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If I had not money, I would be in trouble.
=>Without money, I would be in trouble. (i.e. If ...ed not=Without)

Then, is this rewriting also possible?

If I had money, I wouldn't be in trouble like this.
=>With money, I wouldn't be in trouble like this. (i.e. If ...ed=With)

Theoretically, it may be possible. But I kind of feel uncomfortable using 'with' as subjunctive. I cannot detect in 'with' the feel of 'unreality' or 'impossibleness' that the subjunctive mood has...
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Hi,

Theoretically ..... possible. But I kind of feel uncomfortable using 'with' as subjunctive. I cannot detect in 'with' the feel of 'unreality' or 'impossibleness' that the subjunctive mood has...

Yeah, I agree with you.

It's not the sort of thing we'd say very much, which contributes to its oddness.

Clive
I wonder whether it's the example, rather than the structure:

1. I'd be lost without you.
2. I don't know what I'd do, without my iPod.
3. Where would we be, without tv?

It seems to have a slightly more emotional air than the subjunctive. (Maybe that's why we don't hear it as often.)

MrP
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Thank you, Clive.

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MrP,

'An emotional air'. Interesting.

But all of your examples are about 'without ...' Do you agree with me that you don't usually use 'with...' as 'If S had...'?
Yes, it does seem rarer.

1. "With hindsight, I would have answered differently."

2. "If I had known then what I know now, I would have answered differently."

Hmm. Is it a direct "with clause"/"subjunctive" exchange, though?

MrP
Hello there,
This question is complicated from the outset, so I hope it wouldn't add to much trouble if I butt in here. I'm wondering whether {without X} could be considered as a trigger of Negative/Positive Polarity Items. Its common property, I think, can be demonstrated as follows:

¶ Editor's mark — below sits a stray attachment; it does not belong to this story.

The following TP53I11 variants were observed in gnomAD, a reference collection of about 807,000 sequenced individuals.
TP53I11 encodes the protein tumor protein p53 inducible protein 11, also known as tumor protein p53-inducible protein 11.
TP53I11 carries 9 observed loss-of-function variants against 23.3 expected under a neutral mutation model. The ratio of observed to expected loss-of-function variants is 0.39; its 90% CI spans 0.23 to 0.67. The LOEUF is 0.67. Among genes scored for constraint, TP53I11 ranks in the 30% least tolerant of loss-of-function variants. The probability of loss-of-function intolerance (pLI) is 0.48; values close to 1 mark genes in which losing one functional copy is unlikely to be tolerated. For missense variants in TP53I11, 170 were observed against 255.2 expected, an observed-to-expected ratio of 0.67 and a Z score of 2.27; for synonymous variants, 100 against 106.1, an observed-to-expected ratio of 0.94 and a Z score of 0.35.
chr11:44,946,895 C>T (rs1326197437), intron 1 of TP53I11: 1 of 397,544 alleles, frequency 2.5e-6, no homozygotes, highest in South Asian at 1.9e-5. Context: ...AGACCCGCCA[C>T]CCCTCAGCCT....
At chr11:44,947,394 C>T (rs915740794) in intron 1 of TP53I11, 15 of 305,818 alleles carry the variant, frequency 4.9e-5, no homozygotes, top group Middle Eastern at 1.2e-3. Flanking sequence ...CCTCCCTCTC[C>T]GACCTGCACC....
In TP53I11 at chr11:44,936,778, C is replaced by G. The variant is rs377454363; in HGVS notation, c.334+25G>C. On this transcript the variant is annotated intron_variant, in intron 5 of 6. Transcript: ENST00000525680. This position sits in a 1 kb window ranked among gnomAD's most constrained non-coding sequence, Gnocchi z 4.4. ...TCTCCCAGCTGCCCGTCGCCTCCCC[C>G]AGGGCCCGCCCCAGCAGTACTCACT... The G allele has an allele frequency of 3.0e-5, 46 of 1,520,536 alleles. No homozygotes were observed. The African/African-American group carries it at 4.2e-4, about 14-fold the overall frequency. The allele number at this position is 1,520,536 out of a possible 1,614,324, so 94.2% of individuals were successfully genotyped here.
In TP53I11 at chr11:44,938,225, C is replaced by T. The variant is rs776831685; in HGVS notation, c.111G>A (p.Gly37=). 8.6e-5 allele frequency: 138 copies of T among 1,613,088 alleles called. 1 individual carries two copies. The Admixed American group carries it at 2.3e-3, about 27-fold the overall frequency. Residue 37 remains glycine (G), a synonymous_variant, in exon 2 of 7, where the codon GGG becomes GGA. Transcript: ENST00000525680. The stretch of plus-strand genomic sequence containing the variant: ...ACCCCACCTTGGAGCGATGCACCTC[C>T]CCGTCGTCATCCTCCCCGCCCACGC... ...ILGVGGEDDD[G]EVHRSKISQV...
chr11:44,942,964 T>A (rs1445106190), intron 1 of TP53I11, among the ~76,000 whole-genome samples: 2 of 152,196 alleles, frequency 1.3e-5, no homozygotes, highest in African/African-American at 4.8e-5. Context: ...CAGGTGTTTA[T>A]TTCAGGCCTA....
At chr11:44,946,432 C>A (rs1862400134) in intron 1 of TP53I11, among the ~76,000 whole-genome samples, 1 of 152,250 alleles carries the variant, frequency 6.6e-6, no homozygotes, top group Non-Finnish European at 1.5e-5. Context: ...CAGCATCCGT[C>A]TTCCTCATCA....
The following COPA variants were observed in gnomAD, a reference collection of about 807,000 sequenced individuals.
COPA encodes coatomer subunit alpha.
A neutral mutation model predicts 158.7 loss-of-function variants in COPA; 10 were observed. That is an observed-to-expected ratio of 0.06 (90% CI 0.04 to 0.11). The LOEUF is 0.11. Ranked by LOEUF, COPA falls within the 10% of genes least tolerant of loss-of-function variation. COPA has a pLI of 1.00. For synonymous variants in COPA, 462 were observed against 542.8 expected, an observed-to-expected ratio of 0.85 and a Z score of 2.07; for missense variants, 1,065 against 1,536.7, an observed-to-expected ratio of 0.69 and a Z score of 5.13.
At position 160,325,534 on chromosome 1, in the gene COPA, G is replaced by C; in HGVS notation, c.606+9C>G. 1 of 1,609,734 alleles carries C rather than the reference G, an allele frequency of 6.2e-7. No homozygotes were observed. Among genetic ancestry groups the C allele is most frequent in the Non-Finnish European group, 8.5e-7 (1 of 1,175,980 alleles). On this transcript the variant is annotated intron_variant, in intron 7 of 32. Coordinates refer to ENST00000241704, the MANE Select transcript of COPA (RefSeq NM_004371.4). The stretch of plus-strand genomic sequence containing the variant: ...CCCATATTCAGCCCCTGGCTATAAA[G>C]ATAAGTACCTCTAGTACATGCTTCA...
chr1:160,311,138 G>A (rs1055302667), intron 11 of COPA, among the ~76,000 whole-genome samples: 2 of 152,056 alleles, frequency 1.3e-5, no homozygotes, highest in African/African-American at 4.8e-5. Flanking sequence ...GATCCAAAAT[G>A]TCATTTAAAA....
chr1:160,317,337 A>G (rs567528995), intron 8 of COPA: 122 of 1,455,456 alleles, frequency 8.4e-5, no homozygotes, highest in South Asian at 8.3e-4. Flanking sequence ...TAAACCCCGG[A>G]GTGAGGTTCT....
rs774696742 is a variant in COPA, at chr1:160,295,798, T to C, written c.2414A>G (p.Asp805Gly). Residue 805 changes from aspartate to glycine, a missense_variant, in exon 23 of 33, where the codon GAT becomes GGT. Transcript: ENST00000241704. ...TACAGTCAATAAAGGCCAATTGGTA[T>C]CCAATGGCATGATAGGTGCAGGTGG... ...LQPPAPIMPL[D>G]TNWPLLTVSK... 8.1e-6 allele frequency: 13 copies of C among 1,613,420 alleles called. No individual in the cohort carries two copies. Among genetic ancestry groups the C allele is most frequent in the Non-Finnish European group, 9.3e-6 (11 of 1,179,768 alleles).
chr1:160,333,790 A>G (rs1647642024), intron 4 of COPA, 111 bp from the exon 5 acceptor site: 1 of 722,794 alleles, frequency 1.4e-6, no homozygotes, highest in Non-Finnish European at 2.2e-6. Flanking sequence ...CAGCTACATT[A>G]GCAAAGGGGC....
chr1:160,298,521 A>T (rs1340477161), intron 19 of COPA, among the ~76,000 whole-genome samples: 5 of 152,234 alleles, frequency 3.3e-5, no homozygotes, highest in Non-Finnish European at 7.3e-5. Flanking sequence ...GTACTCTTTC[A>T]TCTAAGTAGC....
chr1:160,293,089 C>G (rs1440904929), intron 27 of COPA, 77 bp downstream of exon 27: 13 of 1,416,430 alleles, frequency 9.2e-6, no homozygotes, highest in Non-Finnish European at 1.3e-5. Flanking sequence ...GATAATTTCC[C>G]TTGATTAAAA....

..................................................................................
[1] Without X, he can solve the toughest puzzle.

> He can solve ANY puzzle without X.
[2] Without X, he cannot solve the easiest puzzle.

> He cannot solve ANY puzzle without X.

[3] (?) With X, he can solve the toughest puzzle.
[4] (?) With X, he cannot solve the easiest puzzle.

A quantificational reading (such as 'ANY puzzle') is not available in [3] and [4].
..................................................................................

Now I'm trying to understand Taka's original question in terms of Polarity sensitivity. I'm not sure still whether it's the proper way, though. Thank you all for your intriguing discussion as always.
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Hello Rho
[3] (?) With X, he can solve the toughest puzzle.
[4] (?) With X, he cannot solve the easiest puzzle.

A quantificational reading (such as 'ANY puzzle') is not available in [3] and [4].
That's an interesting point. But couldn't we say that "the toughest puzzle" implies "any puzzle in #3"?

Your examples also demonstrate that "with/without" can stand in place of a non-subjunctive conditional:

1. If he has X, he can solve the toughest puzzle.
2. If he doesn't have X, he cannot solve the easiest puzzle.

MrP
Hello MrPedantic, yep, you are quite right!
Then {with X} and {without X} (should?) have the same status, in principle, as expressions which set some 'condition.'

Then we have to seek purely 'pragmatic' explanations to account for the oddity, as you and Clive did. (I won't disagree!)

I'm studying now about these matters, I haven't read about relations between {without X} and {subjunctive/hypothetical conditions} so far -- although my knowledge is fairly limitted, I have to add. Seems quite interesting. If I find something I'd like to make some post.

Sorry Taka, for my interruption!
Hello guys

This question is interesting.

My dictionaries give an explanation to the use of subjunctive mood after a <without …> phrase but not after a <with …> phrase. However, some writers indeed used a <with …> phrase as a substitute for an unreal conditional clause “if there were …” or "if subject had ...".

"On the other side of the railway a horseman galloped up, shouting to me and waving his hand. He was scarcely forty yards off. With a rifle, I could have killed him easily" (Winston Spencer Churchill; "London to Ladysmith via Pretoria")

"With a little bit of professional help, I think this could have been a great book. An experienced editor could have helped him smooth his narrative and plot and make the story more cohesive." (Lynn Nicole Louis; A review on "Immortal: A Linking of Souls" by D. E. Davidson.)

paco
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